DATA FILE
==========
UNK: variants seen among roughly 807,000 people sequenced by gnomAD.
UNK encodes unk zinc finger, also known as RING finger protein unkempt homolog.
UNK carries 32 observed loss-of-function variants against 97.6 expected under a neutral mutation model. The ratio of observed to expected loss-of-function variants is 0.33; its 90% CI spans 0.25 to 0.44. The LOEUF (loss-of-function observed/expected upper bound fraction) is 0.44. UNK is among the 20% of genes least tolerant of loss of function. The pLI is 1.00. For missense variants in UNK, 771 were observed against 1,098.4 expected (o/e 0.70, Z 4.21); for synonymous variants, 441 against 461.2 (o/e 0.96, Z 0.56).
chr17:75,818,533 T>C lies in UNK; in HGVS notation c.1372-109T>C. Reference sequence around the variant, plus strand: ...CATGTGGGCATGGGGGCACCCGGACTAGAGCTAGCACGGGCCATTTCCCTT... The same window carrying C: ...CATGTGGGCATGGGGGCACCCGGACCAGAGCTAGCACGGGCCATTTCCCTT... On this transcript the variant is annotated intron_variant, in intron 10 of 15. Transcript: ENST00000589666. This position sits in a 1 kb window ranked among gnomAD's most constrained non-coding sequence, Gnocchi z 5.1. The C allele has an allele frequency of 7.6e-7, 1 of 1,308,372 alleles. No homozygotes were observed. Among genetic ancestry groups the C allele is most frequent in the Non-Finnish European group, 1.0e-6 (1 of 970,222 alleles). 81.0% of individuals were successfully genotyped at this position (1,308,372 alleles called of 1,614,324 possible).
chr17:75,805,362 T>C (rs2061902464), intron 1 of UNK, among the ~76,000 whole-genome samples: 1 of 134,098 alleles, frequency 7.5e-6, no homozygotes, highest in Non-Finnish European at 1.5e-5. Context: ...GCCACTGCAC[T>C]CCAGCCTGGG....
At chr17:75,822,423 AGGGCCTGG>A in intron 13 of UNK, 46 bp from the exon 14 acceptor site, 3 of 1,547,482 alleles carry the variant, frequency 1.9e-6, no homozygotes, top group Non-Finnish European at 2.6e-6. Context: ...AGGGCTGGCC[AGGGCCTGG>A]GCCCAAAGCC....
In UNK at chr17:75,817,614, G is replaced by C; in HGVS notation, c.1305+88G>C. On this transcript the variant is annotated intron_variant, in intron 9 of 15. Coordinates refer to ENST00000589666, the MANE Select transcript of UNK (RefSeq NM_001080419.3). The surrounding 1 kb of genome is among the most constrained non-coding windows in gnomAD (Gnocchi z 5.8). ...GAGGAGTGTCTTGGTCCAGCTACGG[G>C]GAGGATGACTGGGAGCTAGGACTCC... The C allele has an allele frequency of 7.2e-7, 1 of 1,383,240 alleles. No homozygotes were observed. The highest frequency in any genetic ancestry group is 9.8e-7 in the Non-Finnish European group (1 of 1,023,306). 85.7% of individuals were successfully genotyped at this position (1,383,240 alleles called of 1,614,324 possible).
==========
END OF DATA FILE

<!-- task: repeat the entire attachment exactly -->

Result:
UNK: variants seen among roughly 807,000 people sequenced by gnomAD.
UNK encodes unk zinc finger, also known as RING finger protein unkempt homolog.
UNK carries 32 observed loss-of-function variants against 97.6 expected under a neutral mutation model. The ratio of observed to expected loss-of-function variants is 0.33; its 90% CI spans 0.25 to 0.44. The LOEUF (loss-of-function observed/expected upper bound fraction) is 0.44. UNK is among the 20% of genes least tolerant of loss of function. The pLI is 1.00. For missense variants in UNK, 771 were observed against 1,098.4 expected (o/e 0.70, Z 4.21); for synonymous variants, 441 against 461.2 (o/e 0.96, Z 0.56).
chr17:75,818,533 T>C lies in UNK; in HGVS notation c.1372-109T>C. Reference sequence around the variant, plus strand: ...CATGTGGGCATGGGGGCACCCGGACTAGAGCTAGCACGGGCCATTTCCCTT... The same window carrying C: ...CATGTGGGCATGGGGGCACCCGGACCAGAGCTAGCACGGGCCATTTCCCTT... On this transcript the variant is annotated intron_variant, in intron 10 of 15. Transcript: ENST00000589666. This position sits in a 1 kb window ranked among gnomAD's most constrained non-coding sequence, Gnocchi z 5.1. The C allele has an allele frequency of 7.6e-7, 1 of 1,308,372 alleles. No homozygotes were observed. Among genetic ancestry groups the C allele is most frequent in the Non-Finnish European group, 1.0e-6 (1 of 970,222 alleles). 81.0% of individuals were successfully genotyped at this position (1,308,372 alleles called of 1,614,324 possible).
chr17:75,805,362 T>C (rs2061902464), intron 1 of UNK, among the ~76,000 whole-genome samples: 1 of 134,098 alleles, frequency 7.5e-6, no homozygotes, highest in Non-Finnish European at 1.5e-5. Context: ...GCCACTGCAC[T>C]CCAGCCTGGG....
At chr17:75,822,423 AGGGCCTGG>A in intron 13 of UNK, 46 bp from the exon 14 acceptor site, 3 of 1,547,482 alleles carry the variant, frequency 1.9e-6, no homozygotes, top group Non-Finnish European at 2.6e-6. Context: ...AGGGCTGGCC[AGGGCCTGG>A]GCCCAAAGCC....
In UNK at chr17:75,817,614, G is replaced by C; in HGVS notation, c.1305+88G>C. On this transcript the variant is annotated intron_variant, in intron 9 of 15. Coordinates refer to ENST00000589666, the MANE Select transcript of UNK (RefSeq NM_001080419.3). The surrounding 1 kb of genome is among the most constrained non-coding windows in gnomAD (Gnocchi z 5.8). ...GAGGAGTGTCTTGGTCCAGCTACGG[G>C]GAGGATGACTGGGAGCTAGGACTCC... The C allele has an allele frequency of 7.2e-7, 1 of 1,383,240 alleles. No homozygotes were observed. The highest frequency in any genetic ancestry group is 9.8e-7 in the Non-Finnish European group (1 of 1,023,306). 85.7% of individuals were successfully genotyped at this position (1,383,240 alleles called of 1,614,324 possible).